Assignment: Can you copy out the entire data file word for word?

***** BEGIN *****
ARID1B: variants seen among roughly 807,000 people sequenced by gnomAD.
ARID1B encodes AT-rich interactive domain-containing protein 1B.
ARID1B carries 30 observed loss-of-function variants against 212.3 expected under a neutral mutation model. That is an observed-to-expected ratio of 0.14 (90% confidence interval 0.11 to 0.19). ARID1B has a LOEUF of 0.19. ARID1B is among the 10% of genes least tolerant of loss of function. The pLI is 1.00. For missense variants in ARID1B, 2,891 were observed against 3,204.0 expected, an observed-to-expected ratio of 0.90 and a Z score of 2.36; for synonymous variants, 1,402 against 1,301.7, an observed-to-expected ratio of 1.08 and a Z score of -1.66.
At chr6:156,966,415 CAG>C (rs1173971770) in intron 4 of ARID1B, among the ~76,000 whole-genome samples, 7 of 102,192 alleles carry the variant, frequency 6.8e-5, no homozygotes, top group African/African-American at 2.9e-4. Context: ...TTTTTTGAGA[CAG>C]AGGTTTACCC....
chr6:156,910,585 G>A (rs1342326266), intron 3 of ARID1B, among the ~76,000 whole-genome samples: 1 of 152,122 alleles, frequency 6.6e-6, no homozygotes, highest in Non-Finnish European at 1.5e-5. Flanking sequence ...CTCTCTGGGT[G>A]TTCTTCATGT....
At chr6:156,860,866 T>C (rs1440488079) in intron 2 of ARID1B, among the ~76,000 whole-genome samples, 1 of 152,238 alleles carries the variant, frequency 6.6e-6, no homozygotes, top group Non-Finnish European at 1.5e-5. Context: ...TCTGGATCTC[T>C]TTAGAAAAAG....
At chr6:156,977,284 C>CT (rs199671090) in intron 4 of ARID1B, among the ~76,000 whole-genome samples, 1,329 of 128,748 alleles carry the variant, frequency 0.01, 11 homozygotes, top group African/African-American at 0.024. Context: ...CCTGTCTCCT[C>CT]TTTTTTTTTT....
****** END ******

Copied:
ARID1B: variants seen among roughly 807,000 people sequenced by gnomAD.
ARID1B encodes AT-rich interactive domain-containing protein 1B.
ARID1B carries 30 observed loss-of-function variants against 212.3 expected under a neutral mutation model. That is an observed-to-expected ratio of 0.14 (90% confidence interval 0.11 to 0.19). ARID1B has a LOEUF of 0.19. ARID1B is among the 10% of genes least tolerant of loss of function. The pLI is 1.00. For missense variants in ARID1B, 2,891 were observed against 3,204.0 expected, an observed-to-expected ratio of 0.90 and a Z score of 2.36; for synonymous variants, 1,402 against 1,301.7, an observed-to-expected ratio of 1.08 and a Z score of -1.66.
At chr6:156,966,415 CAG>C (rs1173971770) in intron 4 of ARID1B, among the ~76,000 whole-genome samples, 7 of 102,192 alleles carry the variant, frequency 6.8e-5, no homozygotes, top group African/African-American at 2.9e-4. Context: ...TTTTTTGAGA[CAG>C]AGGTTTACCC....
chr6:156,910,585 G>A (rs1342326266), intron 3 of ARID1B, among the ~76,000 whole-genome samples: 1 of 152,122 alleles, frequency 6.6e-6, no homozygotes, highest in Non-Finnish European at 1.5e-5. Flanking sequence ...CTCTCTGGGT[G>A]TTCTTCATGT....
At chr6:156,860,866 T>C (rs1440488079) in intron 2 of ARID1B, among the ~76,000 whole-genome samples, 1 of 152,238 alleles carries the variant, frequency 6.6e-6, no homozygotes, top group Non-Finnish European at 1.5e-5. Context: ...TCTGGATCTC[T>C]TTAGAAAAAG....
At chr6:156,977,284 C>CT (rs199671090) in intron 4 of ARID1B, among the ~76,000 whole-genome samples, 1,329 of 128,748 alleles carry the variant, frequency 0.01, 11 homozygotes, top group African/African-American at 0.024. Context: ...CCTGTCTCCT[C>CT]TTTTTTTTTT....